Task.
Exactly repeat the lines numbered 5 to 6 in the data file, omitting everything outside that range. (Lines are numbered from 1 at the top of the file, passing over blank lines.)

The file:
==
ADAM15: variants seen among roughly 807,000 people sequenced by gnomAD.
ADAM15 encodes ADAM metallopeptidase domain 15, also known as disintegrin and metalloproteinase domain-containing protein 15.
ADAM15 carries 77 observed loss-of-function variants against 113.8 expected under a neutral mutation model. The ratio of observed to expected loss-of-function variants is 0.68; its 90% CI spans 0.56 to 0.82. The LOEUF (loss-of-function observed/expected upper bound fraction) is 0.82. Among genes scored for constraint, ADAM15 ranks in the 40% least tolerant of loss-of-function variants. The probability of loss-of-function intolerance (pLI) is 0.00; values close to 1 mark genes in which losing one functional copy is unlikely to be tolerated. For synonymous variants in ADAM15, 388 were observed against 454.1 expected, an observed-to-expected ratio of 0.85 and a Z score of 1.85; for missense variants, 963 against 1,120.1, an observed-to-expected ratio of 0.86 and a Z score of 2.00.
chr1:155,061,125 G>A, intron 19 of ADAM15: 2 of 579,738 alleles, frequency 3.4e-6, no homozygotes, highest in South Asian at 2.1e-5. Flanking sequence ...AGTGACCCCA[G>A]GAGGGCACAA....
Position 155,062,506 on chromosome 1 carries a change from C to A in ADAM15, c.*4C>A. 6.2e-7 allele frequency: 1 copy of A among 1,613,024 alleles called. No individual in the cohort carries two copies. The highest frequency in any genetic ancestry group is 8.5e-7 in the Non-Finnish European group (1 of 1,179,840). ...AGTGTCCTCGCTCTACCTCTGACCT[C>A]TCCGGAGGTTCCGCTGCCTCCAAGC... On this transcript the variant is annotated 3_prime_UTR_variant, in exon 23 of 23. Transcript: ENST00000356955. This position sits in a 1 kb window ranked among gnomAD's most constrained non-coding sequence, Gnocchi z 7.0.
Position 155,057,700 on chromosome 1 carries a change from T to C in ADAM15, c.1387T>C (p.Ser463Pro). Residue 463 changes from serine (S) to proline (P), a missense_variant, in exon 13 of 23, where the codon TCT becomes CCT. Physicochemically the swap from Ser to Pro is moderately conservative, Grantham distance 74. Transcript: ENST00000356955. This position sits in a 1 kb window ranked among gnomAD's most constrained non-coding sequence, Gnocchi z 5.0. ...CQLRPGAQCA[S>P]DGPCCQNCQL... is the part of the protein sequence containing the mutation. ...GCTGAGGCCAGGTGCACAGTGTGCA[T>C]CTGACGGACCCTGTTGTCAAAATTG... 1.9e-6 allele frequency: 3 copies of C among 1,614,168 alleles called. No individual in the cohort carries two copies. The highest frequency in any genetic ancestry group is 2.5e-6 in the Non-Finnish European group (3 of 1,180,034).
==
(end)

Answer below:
Position 155,062,506 on chromosome 1 carries a change from C to A in ADAM15, c.*4C>A. 6.2e-7 allele frequency: 1 copy of A among 1,613,024 alleles called. No individual in the cohort carries two copies. The highest frequency in any genetic ancestry group is 8.5e-7 in the Non-Finnish European group (1 of 1,179,840). ...AGTGTCCTCGCTCTACCTCTGACCT[C>A]TCCGGAGGTTCCGCTGCCTCCAAGC... On this transcript the variant is annotated 3_prime_UTR_variant, in exon 23 of 23. Transcript: ENST00000356955. This position sits in a 1 kb window ranked among gnomAD's most constrained non-coding sequence, Gnocchi z 7.0.
Position 155,057,700 on chromosome 1 carries a change from T to C in ADAM15, c.1387T>C (p.Ser463Pro). Residue 463 changes from serine (S) to proline (P), a missense_variant, in exon 13 of 23, where the codon TCT becomes CCT. Physicochemically the swap from Ser to Pro is moderately conservative, Grantham distance 74. Transcript: ENST00000356955. This position sits in a 1 kb window ranked among gnomAD's most constrained non-coding sequence, Gnocchi z 5.0. ...CQLRPGAQCA[S>P]DGPCCQNCQL... is the part of the protein sequence containing the mutation. ...GCTGAGGCCAGGTGCACAGTGTGCA[T>C]CTGACGGACCCTGTTGTCAAAATTG... 1.9e-6 allele frequency: 3 copies of C among 1,614,168 alleles called. No individual in the cohort carries two copies. The highest frequency in any genetic ancestry group is 2.5e-6 in the Non-Finnish European group (3 of 1,180,034).